And has that affected what you’re able to do on a daily basis?

It just makes me really anxious. I mean, yeah, on a daily basis, it kind of, it just makes you lose your confidence in doing things. Because you do get dizzy. I mean, I can still drive, I don’t really get it when I'm driving, it’s more when I'm moving around. It’s like, it’s just a really horrible, your eyes and your brain aren’t working together properly, it kind of feels like. I mean, I’ve had a CT scan of my brain, and that came back normal. I did an ultrasound on my heart and that came back normal, as well. So, I mean, nobody really has the answers to tell me what it is.

 

Being constantly unwell made Jamie feel depressed, unlike his usual upbeat ‘bubbly’ self. His symptoms caused anxiety. He was frustrated when people suggested the anxiety caused his symptoms.

Being constantly unwell made Jamie feel depressed, unlike his usual upbeat ‘bubbly’ self. His symptoms caused anxiety. He was frustrated when people suggested the anxiety caused his symptoms.

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Do you think that makes it more difficult, that you appear to be relatively normal to people, or some of the people that know you better, would they sort of be able to detect real differences?

I think people notice a difference in my attitude, a lot. I was usually a really upbeat kind of, bubbly, kind of up for a laugh guy, and I mean, I'm getting better now, [Interviewer's name] I feel. But the last year, 2020, I mean, I was just, I felt depressed. I was just constantly feeling not well.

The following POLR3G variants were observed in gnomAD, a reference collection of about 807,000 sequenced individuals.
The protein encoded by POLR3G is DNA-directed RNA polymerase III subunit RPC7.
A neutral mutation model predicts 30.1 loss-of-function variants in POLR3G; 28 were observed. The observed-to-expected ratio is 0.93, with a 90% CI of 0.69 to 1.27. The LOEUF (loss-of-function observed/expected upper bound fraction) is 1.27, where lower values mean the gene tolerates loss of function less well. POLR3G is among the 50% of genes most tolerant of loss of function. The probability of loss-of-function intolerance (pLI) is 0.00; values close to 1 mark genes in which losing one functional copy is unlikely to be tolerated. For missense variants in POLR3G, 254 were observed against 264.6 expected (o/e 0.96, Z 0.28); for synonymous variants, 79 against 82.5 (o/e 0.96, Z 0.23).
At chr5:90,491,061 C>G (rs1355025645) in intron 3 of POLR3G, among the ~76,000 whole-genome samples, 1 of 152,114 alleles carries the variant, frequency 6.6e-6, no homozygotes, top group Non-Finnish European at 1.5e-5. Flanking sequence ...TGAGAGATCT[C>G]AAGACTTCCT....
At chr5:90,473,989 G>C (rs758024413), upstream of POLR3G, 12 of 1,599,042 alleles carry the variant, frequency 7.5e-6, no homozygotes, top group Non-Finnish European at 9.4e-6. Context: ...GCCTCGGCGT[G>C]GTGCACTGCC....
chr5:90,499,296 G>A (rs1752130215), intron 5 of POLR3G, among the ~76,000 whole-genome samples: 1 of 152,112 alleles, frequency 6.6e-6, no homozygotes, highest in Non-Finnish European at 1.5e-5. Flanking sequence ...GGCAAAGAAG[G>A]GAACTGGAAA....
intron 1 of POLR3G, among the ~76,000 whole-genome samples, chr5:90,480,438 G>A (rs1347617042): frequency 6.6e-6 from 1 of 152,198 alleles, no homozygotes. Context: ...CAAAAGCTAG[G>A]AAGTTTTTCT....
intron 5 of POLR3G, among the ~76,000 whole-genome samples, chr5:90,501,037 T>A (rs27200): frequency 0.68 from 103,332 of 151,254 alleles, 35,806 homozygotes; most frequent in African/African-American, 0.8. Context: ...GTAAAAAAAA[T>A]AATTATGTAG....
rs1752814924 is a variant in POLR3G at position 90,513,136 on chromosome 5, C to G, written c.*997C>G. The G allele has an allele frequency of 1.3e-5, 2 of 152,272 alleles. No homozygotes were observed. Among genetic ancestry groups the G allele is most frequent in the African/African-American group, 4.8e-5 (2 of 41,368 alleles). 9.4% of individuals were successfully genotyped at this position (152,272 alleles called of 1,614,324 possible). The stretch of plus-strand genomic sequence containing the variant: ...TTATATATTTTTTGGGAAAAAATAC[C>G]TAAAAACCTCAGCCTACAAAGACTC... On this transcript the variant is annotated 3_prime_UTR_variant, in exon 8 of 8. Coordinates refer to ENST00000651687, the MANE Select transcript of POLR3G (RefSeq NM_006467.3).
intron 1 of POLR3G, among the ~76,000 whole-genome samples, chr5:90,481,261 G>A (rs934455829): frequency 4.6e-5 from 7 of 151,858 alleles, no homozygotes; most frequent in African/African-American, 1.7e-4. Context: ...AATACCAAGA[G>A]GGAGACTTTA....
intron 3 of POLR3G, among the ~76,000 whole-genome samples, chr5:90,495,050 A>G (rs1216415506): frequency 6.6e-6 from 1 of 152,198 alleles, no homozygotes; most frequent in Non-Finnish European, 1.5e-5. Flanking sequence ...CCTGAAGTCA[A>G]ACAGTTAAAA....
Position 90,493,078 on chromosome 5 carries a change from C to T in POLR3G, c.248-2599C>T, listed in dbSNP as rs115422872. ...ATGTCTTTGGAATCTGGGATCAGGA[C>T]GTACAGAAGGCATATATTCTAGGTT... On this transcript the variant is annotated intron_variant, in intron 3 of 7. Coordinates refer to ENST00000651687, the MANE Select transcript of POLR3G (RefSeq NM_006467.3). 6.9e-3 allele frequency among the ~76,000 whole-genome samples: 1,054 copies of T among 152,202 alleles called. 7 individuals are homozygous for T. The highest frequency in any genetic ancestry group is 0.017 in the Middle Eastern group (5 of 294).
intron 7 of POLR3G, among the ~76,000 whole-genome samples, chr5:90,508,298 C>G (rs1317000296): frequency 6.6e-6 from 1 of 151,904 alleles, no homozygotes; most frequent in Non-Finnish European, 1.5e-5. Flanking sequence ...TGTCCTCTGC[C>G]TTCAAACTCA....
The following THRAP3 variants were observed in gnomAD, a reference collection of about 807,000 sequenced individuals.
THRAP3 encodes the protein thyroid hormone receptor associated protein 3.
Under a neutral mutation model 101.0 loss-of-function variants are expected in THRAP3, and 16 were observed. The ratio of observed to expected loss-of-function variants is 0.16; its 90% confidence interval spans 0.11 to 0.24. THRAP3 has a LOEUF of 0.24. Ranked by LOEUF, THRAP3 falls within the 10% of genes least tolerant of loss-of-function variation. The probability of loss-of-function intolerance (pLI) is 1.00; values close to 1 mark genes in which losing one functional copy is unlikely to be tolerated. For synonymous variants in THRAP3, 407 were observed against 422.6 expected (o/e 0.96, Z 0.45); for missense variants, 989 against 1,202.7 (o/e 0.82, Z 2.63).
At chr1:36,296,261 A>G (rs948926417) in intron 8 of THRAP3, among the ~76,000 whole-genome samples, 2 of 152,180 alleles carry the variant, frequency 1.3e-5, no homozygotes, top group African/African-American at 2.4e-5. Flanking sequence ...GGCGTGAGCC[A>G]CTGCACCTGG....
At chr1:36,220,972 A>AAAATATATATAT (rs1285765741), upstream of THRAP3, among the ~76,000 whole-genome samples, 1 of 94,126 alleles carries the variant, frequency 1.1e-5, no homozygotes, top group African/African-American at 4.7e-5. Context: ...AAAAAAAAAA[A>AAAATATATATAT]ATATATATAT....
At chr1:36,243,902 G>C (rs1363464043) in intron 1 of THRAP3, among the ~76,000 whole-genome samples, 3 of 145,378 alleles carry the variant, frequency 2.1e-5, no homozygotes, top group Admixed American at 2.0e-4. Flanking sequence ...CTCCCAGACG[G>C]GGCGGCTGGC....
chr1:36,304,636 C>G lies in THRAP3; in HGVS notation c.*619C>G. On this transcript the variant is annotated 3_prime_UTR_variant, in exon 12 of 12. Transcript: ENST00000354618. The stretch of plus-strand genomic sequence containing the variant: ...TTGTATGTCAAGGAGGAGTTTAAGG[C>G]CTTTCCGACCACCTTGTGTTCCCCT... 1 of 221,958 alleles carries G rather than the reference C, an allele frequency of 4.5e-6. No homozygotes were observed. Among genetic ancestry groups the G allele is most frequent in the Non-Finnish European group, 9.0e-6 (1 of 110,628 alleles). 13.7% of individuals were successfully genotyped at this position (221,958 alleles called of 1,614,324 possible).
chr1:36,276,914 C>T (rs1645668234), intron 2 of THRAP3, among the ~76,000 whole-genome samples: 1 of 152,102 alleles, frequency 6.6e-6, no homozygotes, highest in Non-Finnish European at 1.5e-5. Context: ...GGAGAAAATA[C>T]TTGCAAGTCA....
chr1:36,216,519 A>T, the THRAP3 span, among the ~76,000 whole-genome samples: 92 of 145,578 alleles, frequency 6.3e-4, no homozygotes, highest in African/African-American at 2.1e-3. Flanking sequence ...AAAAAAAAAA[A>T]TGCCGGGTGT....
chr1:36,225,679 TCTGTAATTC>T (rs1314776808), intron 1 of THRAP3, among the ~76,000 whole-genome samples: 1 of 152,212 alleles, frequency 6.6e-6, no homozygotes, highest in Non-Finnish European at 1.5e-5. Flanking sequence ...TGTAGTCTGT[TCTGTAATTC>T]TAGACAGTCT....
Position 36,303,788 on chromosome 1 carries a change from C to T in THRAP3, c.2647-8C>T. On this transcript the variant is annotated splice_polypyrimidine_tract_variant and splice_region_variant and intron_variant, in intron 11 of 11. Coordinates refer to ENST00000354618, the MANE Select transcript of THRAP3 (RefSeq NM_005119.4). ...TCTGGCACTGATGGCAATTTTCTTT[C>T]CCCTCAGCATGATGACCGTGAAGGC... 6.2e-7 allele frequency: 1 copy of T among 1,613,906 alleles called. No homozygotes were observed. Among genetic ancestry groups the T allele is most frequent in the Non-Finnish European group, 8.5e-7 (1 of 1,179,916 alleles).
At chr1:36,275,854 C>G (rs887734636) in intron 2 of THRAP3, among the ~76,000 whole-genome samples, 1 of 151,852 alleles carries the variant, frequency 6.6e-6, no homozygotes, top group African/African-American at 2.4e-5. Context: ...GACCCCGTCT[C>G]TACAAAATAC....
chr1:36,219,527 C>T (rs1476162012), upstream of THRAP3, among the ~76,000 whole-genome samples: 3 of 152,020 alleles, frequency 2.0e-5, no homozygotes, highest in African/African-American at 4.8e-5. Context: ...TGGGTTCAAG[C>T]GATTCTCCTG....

And like, like people, the GPs, a lot of them were really great, and I think as they got drip-fed information about long Covid, they started to think, well these people are actually not well. I think a lot of them thought, I got told a lot of the time I was suffering from anxiety. Which I do think, I agree, I do have, I have got anxiety. But it’s the symptoms that are causing the anxiety, whereas they seem to think the anxiety is causing the symptoms, which is really frustrating.

And when you say people, is that the health care professionals you’ve been in touch with, or is that…?

Yeah, some of the GPs seem to think it’s all down to anxiety. And I’ll be honest [Interviewer's name], I think anxiety does play a part. But a hundred per cent, it’s the symptoms that cause the anxiety, which, maybe first, but it’s definitely not anxiety that’s causing the symptoms.

 

Jamie was sorry that he sometimes felt unable to be fully ‘in the moment’ with his young son. He was worried that his symptoms might flare up if he did too much.

Jamie was sorry that he sometimes felt unable to be fully ‘in the moment’ with his young son. He was worried that his symptoms might flare up if he did too much.

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I’ve got a great relationship with him… he's changed my life, that wee boy, to be honest. It’s been bittersweet, because I’ve got this brilliant wee boy that I love so much, but it’s the first couple of years of his life, I just feel like I’ve not fully enjoyed it because of this, kind of hanging over me this last year. It’s, it just kind of puts a burden on things, like when I'm taking him out, I think to myself, right, if I go and do this with him, is it going to, am I going to pay for it later, or tomorrow, when I feel rubbish again.

 

Jamie felt both pleased and frustrated when he received several negative test results.